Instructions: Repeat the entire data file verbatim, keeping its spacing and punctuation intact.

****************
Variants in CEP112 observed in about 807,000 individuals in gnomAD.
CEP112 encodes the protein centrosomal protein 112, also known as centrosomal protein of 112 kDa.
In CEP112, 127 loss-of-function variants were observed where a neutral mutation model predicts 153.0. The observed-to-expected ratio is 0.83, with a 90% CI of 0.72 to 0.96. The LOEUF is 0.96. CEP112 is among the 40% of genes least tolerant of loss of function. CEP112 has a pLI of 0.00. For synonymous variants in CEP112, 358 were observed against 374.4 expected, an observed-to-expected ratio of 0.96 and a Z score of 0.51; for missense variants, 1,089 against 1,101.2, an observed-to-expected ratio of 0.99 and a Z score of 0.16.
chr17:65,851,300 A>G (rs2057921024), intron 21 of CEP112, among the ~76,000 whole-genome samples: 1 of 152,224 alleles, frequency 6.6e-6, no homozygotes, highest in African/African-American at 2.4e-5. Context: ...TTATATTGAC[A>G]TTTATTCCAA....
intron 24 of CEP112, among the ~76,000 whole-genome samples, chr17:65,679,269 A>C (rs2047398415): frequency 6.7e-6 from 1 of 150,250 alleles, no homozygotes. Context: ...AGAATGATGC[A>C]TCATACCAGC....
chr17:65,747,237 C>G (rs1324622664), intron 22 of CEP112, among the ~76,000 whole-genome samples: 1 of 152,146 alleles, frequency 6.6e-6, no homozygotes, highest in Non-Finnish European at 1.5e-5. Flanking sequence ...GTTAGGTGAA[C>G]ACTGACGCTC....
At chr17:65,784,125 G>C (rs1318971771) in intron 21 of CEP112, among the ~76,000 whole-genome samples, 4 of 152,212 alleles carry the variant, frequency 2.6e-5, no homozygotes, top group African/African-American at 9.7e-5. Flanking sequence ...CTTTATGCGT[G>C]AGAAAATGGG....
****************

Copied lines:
Variants in CEP112 observed in about 807,000 individuals in gnomAD.
CEP112 encodes the protein centrosomal protein 112, also known as centrosomal protein of 112 kDa.
In CEP112, 127 loss-of-function variants were observed where a neutral mutation model predicts 153.0. The observed-to-expected ratio is 0.83, with a 90% CI of 0.72 to 0.96. The LOEUF is 0.96. CEP112 is among the 40% of genes least tolerant of loss of function. CEP112 has a pLI of 0.00. For synonymous variants in CEP112, 358 were observed against 374.4 expected, an observed-to-expected ratio of 0.96 and a Z score of 0.51; for missense variants, 1,089 against 1,101.2, an observed-to-expected ratio of 0.99 and a Z score of 0.16.
chr17:65,851,300 A>G (rs2057921024), intron 21 of CEP112, among the ~76,000 whole-genome samples: 1 of 152,224 alleles, frequency 6.6e-6, no homozygotes, highest in African/African-American at 2.4e-5. Context: ...TTATATTGAC[A>G]TTTATTCCAA....
intron 24 of CEP112, among the ~76,000 whole-genome samples, chr17:65,679,269 A>C (rs2047398415): frequency 6.7e-6 from 1 of 150,250 alleles, no homozygotes. Context: ...AGAATGATGC[A>C]TCATACCAGC....
chr17:65,747,237 C>G (rs1324622664), intron 22 of CEP112, among the ~76,000 whole-genome samples: 1 of 152,146 alleles, frequency 6.6e-6, no homozygotes, highest in Non-Finnish European at 1.5e-5. Flanking sequence ...GTTAGGTGAA[C>G]ACTGACGCTC....
At chr17:65,784,125 G>C (rs1318971771) in intron 21 of CEP112, among the ~76,000 whole-genome samples, 4 of 152,212 alleles carry the variant, frequency 2.6e-5, no homozygotes, top group African/African-American at 9.7e-5. Flanking sequence ...CTTTATGCGT[G>C]AGAAAATGGG....